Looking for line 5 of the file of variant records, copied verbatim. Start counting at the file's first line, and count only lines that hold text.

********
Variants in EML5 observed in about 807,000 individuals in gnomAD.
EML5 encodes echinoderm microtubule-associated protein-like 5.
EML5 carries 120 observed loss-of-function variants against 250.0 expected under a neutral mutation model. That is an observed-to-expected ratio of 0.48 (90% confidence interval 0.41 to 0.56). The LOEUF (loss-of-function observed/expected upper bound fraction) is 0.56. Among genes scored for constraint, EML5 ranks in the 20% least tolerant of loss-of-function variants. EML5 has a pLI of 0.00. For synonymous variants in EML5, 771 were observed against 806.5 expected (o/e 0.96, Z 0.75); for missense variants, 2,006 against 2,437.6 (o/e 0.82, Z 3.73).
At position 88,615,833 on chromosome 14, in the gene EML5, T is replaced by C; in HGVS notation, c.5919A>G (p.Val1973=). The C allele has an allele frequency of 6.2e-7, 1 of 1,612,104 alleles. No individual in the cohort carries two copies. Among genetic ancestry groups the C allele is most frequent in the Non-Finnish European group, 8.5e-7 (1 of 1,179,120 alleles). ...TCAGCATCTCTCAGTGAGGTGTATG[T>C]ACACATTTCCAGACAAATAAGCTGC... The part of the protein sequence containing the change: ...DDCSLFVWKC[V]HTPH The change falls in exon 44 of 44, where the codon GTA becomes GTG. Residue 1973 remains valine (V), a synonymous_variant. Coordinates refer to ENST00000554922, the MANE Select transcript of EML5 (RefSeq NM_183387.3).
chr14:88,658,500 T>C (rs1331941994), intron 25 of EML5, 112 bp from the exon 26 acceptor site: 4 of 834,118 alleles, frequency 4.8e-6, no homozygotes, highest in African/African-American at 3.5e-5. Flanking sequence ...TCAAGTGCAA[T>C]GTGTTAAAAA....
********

chr14:88,658,500 T>C (rs1331941994), intron 25 of EML5, 112 bp from the exon 26 acceptor site: 4 of 834,118 alleles, frequency 4.8e-6, no homozygotes, highest in African/African-American at 3.5e-5. Flanking sequence ...TCAAGTGCAA[T>C]GTGTTAAAAA....